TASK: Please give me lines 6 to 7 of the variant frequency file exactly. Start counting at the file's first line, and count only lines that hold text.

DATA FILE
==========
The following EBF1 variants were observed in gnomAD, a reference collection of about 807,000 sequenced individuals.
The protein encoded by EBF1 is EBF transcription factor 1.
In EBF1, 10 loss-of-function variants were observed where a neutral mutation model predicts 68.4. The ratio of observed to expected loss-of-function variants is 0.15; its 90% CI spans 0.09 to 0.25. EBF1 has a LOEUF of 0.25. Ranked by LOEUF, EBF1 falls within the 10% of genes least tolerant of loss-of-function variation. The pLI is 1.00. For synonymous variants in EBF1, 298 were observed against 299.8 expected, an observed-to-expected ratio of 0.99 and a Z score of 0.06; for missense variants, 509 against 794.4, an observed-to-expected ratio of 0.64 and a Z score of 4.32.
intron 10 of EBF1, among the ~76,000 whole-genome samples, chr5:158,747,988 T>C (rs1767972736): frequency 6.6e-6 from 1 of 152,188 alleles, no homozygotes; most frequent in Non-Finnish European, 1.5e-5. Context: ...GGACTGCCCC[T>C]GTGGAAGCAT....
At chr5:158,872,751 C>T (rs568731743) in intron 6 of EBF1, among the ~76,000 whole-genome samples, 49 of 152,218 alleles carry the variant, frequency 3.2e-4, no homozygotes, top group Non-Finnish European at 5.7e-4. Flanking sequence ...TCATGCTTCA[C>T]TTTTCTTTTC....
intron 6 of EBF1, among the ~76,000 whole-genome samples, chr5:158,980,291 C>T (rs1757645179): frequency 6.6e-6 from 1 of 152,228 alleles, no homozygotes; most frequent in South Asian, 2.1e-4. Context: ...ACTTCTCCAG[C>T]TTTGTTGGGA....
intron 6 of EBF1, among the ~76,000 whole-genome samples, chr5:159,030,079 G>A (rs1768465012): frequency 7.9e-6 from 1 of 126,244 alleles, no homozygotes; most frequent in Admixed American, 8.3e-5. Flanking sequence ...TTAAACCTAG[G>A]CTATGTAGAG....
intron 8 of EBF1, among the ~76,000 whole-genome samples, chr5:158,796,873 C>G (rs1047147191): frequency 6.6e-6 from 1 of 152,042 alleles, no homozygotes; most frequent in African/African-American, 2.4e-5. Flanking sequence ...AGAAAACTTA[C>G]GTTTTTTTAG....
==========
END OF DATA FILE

intron 6 of EBF1, among the ~76,000 whole-genome samples, chr5:158,980,291 C>T (rs1757645179): frequency 6.6e-6 from 1 of 152,228 alleles, no homozygotes; most frequent in South Asian, 2.1e-4. Context: ...ACTTCTCCAG[C>T]TTTGTTGGGA....
intron 6 of EBF1, among the ~76,000 whole-genome samples, chr5:159,030,079 G>A (rs1768465012): frequency 7.9e-6 from 1 of 126,244 alleles, no homozygotes; most frequent in Admixed American, 8.3e-5. Flanking sequence ...TTAAACCTAG[G>A]CTATGTAGAG....